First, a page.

31 October 2013

Inconceivable: 1 Cor 10:31

I don't think that verse means what you think it means.
So, whether you eat or drink, or whatever you do, do all to the glory of God. (1Cr 10:31 ESV)
I regularly read of and hear this verse used to prove that we ought to live life, especially in mundane tasks, to the glory of God. This has been popularized by John Piper applying this verse to the drinking of orange juice.

My contention is that this verse has a very specific meaning in context. I affirm the truth that all of life should be lived for God's glory. But that is at best a peripheral concept to be taken from this verse. It has a more specific meaning. There might be ways to extend a principle from a given passage into a broader context, but when we only regard the passage's meaning in that extended sense my concern is that we forget the original sense. And it's pretty hard to get the extended application right when you haven't nailed the main point.

In my humble opinion, this verse is essentially identical to Romans 14:21:
It is good not to eat meat or drink wine or do anything that causes your brother to stumble. (Rom 14:21 ESV)
In the context of 1 Cor 8-10, "eat or drink" doesn't include drinking orange juice in private. Paul is speaking of specific issues of conscience, brought out more explicitly in Romans as eating meat or drinking wine. I don't know of any person or people group that has questions of conscience over orange juice. I don't know anyone that could possibly get offended if they saw me drinking orange juice. Drinking OJ in private doesn't even involve other people and is therefore really far removed from the context.

From the context and the place within the argument, "eating" and "drinking" has been in reference to eating and drinking food offered to idols. Paul's purpose has been to show that, "Food will not commend us to God. We are no worse off if we do not eat, and no better off if we do," (8:8). Which is to say, food itself has no moral value. However, the problem in the Corinthian church being addressed is not that they lack this knowledge; rather, the primary problem is that those who have this correct knowledge do not use it properly toward those who do not. Some people still aren't quite convinced that such food is OK before God. While they ought in all things to build each other up through love, some having clearer understanding of their liberty in Christ became proud towards others, thinking themselves superior, and offended those with weaker consciences by eating and drinking food offered to idols, thus tearing down the bonds of unity. This, to me, is the primary sense of "eat or drink."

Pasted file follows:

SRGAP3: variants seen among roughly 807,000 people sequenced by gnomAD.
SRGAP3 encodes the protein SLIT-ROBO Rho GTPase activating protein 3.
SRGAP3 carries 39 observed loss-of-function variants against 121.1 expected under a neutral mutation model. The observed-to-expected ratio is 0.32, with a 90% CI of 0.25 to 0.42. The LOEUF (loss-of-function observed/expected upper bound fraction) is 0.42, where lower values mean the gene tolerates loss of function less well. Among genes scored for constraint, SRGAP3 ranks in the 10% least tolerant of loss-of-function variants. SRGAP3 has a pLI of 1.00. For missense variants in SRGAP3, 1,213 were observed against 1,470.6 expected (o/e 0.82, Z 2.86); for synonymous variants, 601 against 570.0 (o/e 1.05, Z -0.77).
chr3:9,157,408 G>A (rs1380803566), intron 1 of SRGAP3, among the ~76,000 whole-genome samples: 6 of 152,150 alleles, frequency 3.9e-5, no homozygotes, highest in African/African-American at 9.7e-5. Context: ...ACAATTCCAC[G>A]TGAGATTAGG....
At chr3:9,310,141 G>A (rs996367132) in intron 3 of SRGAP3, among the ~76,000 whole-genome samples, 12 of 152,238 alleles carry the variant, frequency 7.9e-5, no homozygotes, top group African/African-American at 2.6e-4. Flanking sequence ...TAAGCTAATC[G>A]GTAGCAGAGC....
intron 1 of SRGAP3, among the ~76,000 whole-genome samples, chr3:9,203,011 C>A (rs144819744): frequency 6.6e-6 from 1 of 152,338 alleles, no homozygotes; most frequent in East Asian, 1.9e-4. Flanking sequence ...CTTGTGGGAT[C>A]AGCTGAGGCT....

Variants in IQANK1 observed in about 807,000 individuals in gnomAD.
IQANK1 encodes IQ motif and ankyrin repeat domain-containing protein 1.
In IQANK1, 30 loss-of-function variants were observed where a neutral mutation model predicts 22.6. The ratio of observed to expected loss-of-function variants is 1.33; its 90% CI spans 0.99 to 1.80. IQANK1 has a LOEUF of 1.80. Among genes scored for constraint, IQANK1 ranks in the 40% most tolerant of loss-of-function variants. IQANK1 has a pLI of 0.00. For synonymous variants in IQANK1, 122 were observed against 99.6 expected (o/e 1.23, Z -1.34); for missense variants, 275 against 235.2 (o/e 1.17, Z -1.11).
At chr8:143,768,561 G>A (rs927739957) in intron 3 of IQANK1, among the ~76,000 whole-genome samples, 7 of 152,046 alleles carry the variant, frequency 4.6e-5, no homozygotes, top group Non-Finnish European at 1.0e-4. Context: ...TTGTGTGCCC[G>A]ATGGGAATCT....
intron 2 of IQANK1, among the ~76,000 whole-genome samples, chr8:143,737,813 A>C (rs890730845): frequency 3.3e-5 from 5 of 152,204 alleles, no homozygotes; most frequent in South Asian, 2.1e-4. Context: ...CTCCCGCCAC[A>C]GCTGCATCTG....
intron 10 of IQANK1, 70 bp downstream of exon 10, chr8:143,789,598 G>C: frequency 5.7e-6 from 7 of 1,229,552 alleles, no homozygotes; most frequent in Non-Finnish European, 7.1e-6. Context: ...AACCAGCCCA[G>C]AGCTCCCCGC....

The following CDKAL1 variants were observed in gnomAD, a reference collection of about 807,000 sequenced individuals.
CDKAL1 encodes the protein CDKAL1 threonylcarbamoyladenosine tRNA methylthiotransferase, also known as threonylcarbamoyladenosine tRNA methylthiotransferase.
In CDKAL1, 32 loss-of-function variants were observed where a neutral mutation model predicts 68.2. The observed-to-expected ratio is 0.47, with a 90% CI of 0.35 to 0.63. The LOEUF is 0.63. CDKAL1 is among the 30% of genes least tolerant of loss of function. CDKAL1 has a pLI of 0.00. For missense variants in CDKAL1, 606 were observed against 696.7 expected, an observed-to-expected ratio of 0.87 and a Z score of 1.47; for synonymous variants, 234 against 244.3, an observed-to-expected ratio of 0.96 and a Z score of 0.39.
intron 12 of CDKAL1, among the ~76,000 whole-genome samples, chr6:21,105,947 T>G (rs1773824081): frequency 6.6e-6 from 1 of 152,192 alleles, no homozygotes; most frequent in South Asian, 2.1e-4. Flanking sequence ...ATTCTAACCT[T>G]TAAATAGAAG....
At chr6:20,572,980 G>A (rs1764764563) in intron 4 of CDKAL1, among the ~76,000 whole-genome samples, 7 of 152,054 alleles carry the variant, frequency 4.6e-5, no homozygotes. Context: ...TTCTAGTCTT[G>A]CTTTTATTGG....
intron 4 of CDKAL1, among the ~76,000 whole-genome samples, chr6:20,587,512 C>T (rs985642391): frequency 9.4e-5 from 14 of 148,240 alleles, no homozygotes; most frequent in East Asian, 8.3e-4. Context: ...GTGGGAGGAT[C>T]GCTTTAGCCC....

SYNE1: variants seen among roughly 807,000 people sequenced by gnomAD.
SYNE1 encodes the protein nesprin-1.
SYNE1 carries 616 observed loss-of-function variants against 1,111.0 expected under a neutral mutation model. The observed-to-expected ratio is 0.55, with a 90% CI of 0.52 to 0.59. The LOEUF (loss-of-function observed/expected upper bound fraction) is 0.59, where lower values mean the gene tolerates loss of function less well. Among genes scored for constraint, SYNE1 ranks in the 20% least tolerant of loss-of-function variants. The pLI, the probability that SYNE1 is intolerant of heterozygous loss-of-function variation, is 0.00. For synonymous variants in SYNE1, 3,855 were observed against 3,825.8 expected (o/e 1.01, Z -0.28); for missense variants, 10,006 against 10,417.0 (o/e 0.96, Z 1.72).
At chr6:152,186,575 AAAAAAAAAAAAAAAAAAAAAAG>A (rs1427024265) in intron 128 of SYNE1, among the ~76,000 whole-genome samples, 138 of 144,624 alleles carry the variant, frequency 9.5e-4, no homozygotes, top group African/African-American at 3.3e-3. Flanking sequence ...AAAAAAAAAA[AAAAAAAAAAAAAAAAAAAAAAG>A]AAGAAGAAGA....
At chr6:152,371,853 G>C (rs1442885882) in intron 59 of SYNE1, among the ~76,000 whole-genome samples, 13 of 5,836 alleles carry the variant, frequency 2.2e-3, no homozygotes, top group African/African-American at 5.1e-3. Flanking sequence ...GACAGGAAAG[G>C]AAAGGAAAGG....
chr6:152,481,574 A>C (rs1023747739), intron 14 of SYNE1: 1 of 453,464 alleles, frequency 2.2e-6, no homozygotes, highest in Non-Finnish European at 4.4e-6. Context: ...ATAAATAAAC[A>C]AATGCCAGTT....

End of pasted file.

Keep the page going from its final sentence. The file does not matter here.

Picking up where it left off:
Applying this verse to our present day contexts still doesn't involve drinking OJ in private. To do all things for God's glory, from this verse, means to value other people's consciences before Christ as more important than my own freedom in Christ. Doing something "to the glory of God" is in contrast to behaving for one's own glory; it is to put the interests of others before yourself. The primary sense of "whatever you do, do all to the glory of God" is then, "In issues of conscience your guiding principle by which to act is not what is permissible for you but what is beneficial for others around you, that you may help guard them from sin in acting contrary to their conscience and promote belief in Christ. In doing so you demonstrate that your ultimate desire is God's honor. If, rather, you flaunt your own liberty before others, you demonstrate that you only seek glory for yourself."

Go ahead and enjoy orange juice to the glory of God. Please go ahead and consider how doing the dishes and other mundane tasks are actually valuable before God. But don't stick 1 Cor 10:31 on it. From its context such applications are, to me, inconceivable.


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